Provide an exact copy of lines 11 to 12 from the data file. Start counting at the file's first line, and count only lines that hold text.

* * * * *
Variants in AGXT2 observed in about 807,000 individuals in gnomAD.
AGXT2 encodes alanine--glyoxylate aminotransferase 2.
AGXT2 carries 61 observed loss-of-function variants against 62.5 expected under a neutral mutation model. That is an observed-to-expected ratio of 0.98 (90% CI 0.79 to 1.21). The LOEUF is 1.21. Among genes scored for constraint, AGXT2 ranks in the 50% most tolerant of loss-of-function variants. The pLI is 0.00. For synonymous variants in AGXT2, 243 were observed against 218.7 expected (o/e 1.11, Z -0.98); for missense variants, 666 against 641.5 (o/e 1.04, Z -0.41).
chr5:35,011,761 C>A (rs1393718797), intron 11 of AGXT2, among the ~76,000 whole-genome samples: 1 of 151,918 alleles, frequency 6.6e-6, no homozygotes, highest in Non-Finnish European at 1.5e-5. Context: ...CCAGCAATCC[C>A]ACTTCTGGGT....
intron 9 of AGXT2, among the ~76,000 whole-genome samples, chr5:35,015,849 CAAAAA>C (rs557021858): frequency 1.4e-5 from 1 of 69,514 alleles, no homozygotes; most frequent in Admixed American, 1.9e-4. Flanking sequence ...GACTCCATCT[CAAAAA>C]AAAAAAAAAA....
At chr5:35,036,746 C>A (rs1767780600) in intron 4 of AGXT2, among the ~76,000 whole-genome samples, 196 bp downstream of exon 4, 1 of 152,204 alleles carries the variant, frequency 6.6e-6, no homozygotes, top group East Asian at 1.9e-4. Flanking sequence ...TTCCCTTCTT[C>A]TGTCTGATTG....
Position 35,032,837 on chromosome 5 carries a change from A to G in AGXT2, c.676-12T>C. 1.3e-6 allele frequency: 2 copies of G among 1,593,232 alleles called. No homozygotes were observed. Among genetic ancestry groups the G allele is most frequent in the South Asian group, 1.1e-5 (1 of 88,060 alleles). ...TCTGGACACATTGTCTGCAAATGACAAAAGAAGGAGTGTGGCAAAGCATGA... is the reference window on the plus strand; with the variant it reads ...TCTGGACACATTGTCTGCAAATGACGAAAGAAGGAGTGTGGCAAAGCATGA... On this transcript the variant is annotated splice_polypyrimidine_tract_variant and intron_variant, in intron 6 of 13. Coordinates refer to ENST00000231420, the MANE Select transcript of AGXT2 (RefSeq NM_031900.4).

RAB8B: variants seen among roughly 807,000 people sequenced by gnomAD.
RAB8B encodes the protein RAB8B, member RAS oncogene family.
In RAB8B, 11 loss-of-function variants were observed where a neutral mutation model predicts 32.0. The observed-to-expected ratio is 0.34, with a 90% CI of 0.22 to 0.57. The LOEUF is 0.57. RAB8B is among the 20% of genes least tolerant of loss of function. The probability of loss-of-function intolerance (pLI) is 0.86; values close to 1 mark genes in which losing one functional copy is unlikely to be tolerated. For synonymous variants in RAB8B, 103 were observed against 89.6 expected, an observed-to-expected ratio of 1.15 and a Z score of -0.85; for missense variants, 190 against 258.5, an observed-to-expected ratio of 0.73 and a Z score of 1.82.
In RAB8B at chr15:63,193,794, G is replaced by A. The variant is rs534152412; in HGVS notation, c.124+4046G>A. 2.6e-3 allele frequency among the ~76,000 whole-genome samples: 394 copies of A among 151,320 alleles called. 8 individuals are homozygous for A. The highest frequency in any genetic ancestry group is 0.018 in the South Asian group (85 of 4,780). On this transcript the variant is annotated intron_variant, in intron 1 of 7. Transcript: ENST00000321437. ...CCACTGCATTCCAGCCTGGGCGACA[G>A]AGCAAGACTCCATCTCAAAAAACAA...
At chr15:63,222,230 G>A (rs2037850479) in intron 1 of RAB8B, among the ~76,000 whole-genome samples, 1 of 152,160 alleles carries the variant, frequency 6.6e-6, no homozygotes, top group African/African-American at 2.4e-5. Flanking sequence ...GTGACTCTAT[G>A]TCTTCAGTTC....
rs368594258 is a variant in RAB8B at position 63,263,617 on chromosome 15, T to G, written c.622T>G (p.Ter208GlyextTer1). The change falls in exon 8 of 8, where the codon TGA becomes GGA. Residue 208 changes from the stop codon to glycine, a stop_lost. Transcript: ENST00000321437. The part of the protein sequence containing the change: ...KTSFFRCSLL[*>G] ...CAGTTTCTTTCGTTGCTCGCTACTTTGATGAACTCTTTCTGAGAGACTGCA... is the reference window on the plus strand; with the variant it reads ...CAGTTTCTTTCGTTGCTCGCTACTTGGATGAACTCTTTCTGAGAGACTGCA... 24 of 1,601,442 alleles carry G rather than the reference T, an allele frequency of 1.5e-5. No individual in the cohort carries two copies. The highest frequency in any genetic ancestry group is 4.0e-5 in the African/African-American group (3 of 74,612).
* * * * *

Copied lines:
In RAB8B at chr15:63,193,794, G is replaced by A. The variant is rs534152412; in HGVS notation, c.124+4046G>A. 2.6e-3 allele frequency among the ~76,000 whole-genome samples: 394 copies of A among 151,320 alleles called. 8 individuals are homozygous for A. The highest frequency in any genetic ancestry group is 0.018 in the South Asian group (85 of 4,780). On this transcript the variant is annotated intron_variant, in intron 1 of 7. Transcript: ENST00000321437. ...CCACTGCATTCCAGCCTGGGCGACA[G>A]AGCAAGACTCCATCTCAAAAAACAA...
At chr15:63,222,230 G>A (rs2037850479) in intron 1 of RAB8B, among the ~76,000 whole-genome samples, 1 of 152,160 alleles carries the variant, frequency 6.6e-6, no homozygotes, top group African/African-American at 2.4e-5. Flanking sequence ...GTGACTCTAT[G>A]TCTTCAGTTC....